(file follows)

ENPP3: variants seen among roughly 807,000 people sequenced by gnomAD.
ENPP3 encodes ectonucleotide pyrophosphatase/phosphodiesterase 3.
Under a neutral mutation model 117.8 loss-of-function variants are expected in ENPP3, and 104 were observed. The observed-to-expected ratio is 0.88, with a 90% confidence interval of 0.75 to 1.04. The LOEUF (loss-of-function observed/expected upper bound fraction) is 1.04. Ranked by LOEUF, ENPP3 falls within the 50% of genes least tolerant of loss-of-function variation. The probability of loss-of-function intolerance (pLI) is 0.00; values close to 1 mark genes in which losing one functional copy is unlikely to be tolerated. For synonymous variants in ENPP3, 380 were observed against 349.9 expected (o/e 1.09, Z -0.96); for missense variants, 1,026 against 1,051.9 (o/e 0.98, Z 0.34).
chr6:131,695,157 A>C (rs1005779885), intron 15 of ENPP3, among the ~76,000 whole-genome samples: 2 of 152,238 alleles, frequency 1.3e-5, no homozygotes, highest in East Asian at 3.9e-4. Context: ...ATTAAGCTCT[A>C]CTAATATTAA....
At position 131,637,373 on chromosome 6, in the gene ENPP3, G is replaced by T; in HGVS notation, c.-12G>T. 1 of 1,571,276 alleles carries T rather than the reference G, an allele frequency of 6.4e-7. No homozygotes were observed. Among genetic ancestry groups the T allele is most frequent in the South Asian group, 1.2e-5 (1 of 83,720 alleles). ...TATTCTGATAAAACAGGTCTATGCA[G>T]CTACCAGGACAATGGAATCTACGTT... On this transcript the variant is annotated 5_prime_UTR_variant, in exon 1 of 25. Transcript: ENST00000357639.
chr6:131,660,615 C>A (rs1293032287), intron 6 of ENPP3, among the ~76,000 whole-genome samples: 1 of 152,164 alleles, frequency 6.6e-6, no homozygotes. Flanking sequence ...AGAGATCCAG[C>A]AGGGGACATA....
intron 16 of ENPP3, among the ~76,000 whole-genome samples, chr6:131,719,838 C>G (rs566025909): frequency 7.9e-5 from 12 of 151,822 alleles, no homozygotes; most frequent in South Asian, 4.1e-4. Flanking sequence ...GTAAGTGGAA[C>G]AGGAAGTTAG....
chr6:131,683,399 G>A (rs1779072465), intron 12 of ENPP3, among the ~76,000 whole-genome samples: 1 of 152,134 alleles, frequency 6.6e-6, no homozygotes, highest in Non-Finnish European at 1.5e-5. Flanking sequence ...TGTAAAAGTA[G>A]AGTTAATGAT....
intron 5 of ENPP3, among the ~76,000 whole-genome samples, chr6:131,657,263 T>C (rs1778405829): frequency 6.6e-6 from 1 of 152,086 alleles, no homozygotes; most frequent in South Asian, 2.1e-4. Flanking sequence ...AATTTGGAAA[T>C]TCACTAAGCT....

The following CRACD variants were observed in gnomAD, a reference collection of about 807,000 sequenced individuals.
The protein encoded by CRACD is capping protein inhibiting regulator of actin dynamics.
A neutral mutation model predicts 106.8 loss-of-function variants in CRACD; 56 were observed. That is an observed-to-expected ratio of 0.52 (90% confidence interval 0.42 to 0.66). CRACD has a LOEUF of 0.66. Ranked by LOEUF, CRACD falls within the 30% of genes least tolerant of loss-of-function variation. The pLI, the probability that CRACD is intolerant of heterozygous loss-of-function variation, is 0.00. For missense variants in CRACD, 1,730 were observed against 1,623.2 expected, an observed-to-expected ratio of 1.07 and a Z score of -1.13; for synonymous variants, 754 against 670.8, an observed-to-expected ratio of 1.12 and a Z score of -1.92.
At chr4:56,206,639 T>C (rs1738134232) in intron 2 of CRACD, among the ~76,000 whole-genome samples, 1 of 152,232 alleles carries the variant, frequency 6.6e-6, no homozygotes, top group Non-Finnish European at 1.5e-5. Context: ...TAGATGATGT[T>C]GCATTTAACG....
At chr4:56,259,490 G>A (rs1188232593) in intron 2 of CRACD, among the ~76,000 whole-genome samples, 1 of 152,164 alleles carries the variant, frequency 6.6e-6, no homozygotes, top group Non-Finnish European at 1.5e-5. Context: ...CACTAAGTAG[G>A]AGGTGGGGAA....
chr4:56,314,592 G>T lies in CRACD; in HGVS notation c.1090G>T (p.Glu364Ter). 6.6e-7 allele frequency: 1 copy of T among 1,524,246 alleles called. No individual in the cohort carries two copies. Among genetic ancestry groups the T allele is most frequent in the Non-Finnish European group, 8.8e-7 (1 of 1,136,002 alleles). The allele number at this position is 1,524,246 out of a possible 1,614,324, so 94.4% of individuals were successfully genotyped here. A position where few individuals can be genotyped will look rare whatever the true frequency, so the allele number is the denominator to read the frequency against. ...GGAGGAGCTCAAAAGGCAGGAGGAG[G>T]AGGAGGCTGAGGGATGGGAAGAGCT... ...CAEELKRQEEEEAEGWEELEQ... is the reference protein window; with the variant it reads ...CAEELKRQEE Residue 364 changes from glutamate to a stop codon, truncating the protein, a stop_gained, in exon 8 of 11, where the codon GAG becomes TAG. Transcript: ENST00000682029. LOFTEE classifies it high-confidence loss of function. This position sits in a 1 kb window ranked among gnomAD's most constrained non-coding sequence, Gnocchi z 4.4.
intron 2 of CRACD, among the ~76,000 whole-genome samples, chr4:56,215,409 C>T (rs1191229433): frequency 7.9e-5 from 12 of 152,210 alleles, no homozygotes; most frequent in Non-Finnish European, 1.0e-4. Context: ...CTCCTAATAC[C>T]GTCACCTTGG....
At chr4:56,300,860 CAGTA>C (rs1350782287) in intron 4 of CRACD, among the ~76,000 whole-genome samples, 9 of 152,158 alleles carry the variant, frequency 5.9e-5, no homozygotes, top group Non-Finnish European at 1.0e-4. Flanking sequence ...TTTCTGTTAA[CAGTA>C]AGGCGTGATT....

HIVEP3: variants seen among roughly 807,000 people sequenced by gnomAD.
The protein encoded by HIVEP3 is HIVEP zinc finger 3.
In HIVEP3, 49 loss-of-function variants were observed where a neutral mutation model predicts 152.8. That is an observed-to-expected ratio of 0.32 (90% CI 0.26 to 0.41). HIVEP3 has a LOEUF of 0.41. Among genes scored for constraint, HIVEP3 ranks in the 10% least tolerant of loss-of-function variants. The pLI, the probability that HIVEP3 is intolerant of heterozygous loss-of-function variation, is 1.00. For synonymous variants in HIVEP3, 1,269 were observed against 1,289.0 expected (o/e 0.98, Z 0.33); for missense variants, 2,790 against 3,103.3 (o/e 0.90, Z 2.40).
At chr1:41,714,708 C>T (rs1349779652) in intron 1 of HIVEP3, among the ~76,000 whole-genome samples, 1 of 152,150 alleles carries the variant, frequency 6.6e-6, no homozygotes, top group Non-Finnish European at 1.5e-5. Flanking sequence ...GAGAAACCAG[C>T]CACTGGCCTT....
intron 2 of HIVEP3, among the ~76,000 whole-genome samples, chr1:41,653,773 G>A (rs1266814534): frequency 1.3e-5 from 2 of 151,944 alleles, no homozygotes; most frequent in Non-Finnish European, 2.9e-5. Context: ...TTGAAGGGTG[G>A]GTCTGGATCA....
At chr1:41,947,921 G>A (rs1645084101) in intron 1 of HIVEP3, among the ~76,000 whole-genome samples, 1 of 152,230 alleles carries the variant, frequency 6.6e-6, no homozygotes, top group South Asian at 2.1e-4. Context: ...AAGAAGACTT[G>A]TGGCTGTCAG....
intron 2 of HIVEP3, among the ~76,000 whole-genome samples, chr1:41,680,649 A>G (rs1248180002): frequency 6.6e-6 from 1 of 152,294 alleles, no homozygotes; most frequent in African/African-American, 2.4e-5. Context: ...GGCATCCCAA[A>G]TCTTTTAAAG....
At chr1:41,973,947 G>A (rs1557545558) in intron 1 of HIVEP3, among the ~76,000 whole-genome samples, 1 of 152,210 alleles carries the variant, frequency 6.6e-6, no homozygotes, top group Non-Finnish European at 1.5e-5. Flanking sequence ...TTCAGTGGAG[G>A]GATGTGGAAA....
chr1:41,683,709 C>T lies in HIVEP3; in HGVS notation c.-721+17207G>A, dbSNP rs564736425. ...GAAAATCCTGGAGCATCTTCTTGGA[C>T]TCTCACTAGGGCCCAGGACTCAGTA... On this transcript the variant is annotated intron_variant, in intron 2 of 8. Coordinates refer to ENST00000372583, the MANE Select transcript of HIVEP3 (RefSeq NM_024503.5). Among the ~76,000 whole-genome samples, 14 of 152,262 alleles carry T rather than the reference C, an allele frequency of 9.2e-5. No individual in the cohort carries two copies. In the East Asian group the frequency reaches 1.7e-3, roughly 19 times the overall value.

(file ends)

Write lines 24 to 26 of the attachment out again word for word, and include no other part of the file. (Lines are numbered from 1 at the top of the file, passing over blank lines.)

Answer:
intron 2 of HIVEP3, among the ~76,000 whole-genome samples, chr1:41,680,649 A>G (rs1248180002): frequency 6.6e-6 from 1 of 152,294 alleles, no homozygotes; most frequent in African/African-American, 2.4e-5. Context: ...GGCATCCCAA[A>G]TCTTTTAAAG....
At chr1:41,973,947 G>A (rs1557545558) in intron 1 of HIVEP3, among the ~76,000 whole-genome samples, 1 of 152,210 alleles carries the variant, frequency 6.6e-6, no homozygotes, top group Non-Finnish European at 1.5e-5. Flanking sequence ...TTCAGTGGAG[G>A]GATGTGGAAA....
chr1:41,683,709 C>T lies in HIVEP3; in HGVS notation c.-721+17207G>A, dbSNP rs564736425. ...GAAAATCCTGGAGCATCTTCTTGGA[C>T]TCTCACTAGGGCCCAGGACTCAGTA... On this transcript the variant is annotated intron_variant, in intron 2 of 8. Coordinates refer to ENST00000372583, the MANE Select transcript of HIVEP3 (RefSeq NM_024503.5). Among the ~76,000 whole-genome samples, 14 of 152,262 alleles carry T rather than the reference C, an allele frequency of 9.2e-5. No individual in the cohort carries two copies. In the East Asian group the frequency reaches 1.7e-3, roughly 19 times the overall value.